When it comes to your online store, load time is key. You only have a few seconds to keep a buyer’s attention before they decide to bounce. Large images are usually the culprit.
Shopping is about impulse. Most consumers believe they have researched and chosen the right option. Let’s let them think that. But when it comes down to psychology or neuromarketing, the lizard brain takes over and our logic brain does research to back it up.
“57% of visitors will leave your site if load times are longer than 3 seconds. Of those 57% who leave, 80% will never return to your site.”Nexcess
Site Speed Matters — Fix Your Image Sizes
You need product images — one hundred percent. So how can you optimize your images? Firstly, don’t upload the file that your phone or camera takes. It’s way too big. Upload the image that is sized correctly. What size is that? Well, that depends upon your theme.
“Either way, you never want to be uploading the massive 5,000 px images that come out of your camera by default, and you should always try to go as small as possible without negatively affecting the shopping experience.”WP Rocket
Image compression is also important. Tools like tinypng.com allow you to compress your images before you upload them. There are also WordPress plugins like WP Rocket’s Imagify (https://wp-rocket.me/blog/imagify/) that compress your images. If you must have large images, consider lazy-loading them or using a CDN. Test your site on mobile, off WiFi, and see what those times are. You can also use pingdom.com
“Your goal is to keep your images at 1 to 2 MB in size. The smaller your image size, the faster your load speeds, meaning a lower bounce rate and more happy customers.”Neil Patel
Regardless of the size of your image, it will also need to be compressed. JPG is the most versatile format for color and resizing. Don’t go too crazy, though. No one wants to buy a product whose image is overly pixelated.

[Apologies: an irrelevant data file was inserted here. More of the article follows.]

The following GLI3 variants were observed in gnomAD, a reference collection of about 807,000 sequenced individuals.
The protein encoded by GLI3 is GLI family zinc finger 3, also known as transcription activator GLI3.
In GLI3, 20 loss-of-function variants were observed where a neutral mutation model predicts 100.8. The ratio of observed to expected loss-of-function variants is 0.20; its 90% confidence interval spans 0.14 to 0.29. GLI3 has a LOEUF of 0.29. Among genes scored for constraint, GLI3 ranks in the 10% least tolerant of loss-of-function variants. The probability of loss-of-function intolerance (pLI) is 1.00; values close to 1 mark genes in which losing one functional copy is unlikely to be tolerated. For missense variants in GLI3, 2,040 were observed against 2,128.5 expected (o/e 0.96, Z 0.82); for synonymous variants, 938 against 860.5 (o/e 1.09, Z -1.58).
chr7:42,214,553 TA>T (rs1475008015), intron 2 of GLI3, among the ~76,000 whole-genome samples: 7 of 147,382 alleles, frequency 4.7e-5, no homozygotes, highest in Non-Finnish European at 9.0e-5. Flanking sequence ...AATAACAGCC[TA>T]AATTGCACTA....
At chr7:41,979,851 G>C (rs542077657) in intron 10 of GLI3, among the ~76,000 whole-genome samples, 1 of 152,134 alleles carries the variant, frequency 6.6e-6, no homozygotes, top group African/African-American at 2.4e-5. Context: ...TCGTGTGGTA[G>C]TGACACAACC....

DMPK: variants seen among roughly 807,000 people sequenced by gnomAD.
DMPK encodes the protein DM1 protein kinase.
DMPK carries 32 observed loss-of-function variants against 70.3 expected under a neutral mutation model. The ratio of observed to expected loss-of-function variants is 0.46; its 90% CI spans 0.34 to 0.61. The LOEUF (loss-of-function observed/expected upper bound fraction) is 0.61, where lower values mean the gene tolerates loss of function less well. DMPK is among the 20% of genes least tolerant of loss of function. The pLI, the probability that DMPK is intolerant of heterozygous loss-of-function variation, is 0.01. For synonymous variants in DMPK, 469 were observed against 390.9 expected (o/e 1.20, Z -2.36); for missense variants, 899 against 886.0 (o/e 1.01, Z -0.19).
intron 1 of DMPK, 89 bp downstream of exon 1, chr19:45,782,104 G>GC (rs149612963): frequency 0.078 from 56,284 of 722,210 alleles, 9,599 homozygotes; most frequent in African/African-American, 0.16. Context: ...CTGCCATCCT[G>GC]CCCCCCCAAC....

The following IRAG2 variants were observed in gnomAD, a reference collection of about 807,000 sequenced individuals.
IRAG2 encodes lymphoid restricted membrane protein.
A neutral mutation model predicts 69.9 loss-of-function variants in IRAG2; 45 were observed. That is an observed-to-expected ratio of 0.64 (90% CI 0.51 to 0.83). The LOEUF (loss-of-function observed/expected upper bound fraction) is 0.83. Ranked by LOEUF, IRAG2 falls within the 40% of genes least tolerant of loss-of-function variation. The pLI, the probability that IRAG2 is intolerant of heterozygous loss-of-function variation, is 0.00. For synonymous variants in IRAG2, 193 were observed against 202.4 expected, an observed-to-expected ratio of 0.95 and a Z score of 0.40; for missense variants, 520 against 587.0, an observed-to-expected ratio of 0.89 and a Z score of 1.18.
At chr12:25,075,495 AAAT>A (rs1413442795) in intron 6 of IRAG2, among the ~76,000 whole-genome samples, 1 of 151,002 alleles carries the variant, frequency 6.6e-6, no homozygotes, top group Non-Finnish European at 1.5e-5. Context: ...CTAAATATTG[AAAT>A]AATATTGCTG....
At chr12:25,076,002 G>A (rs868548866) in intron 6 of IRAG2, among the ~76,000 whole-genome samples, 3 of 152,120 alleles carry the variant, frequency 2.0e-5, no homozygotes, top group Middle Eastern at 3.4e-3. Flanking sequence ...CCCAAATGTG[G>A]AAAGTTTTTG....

Name Your Product Images
Your media library should not have images called IMG_4872.jpg. That means nothing. It means nothing to you and even less to your shopper. When images don’t load quickly, or a user is on 2G, those image names mean something to them. They are placeholders.
Name your product images something that makes sense. Airstream’s 2021 Basecamp model has a video (bonus points) and images. The GIF they are using has a very long name (and the wrong year, we noticed) but it makes sense:
Also worth noting is the fact that Airstream’s theme is using lazy load images with a CDN. A CDN is a content delivery network (like Cloudflare) that stores the images elsewhere so your site isn’t burdened with the space and/or speed issues.
Their gallery images are named similarly:
And so on. It makes sense for the owner of the eCommerce site and for screenreaders.
Write Alt Tags for Your Product Images
Alt tags are the alternative text labels for product images. These are important for accessibility (yes, blind and low-vision people shop) and for findability (SEO).
For the GIF and jpg mentioned above their alt tag are
Could they be better? Yes. Are they adequate? I’ll defer to SEO and accessibility specialists. Would you know what was in those photos?
It’s also worth noting that while enabling Voiceover on our Mac (native screenreader) and the accessibility settings on the Airstream site, it did not read the descriptions.
Use Your Smart Phone for Product Images
It’s totally fine to use your smart phone — but on a tripod — suggests Hubspot. The quality is amazing. In fact, it’s so amazing, that we suggest you compress and size your images before uploading to your WordPress media library.
With that said, lighting is going to be the real trick. There are plenty of tutorials on how to make a lightbox out there at the tip of your fingers after a Google Search. A light box is great if your product fits in a bread box. If your product is larger, take advantage of Golden Hour — which happens twice a day.
“The last hour before sunset and the first hour after sunrise are coveted by professional photographers. Referred to as “the golden hour” or “magic hour,” these times provide the perfect light to capture stunning photos.”Adobe
Your Community and eCommerce
Your community wants your products. The products bring people to your site and the community keeps them there. With PeepSo’s EDD and WooCommerce integrations, you can have the best of both worlds – eCommerce and Community. In fact there’s a whole range of Monetization plugins. Check them out here.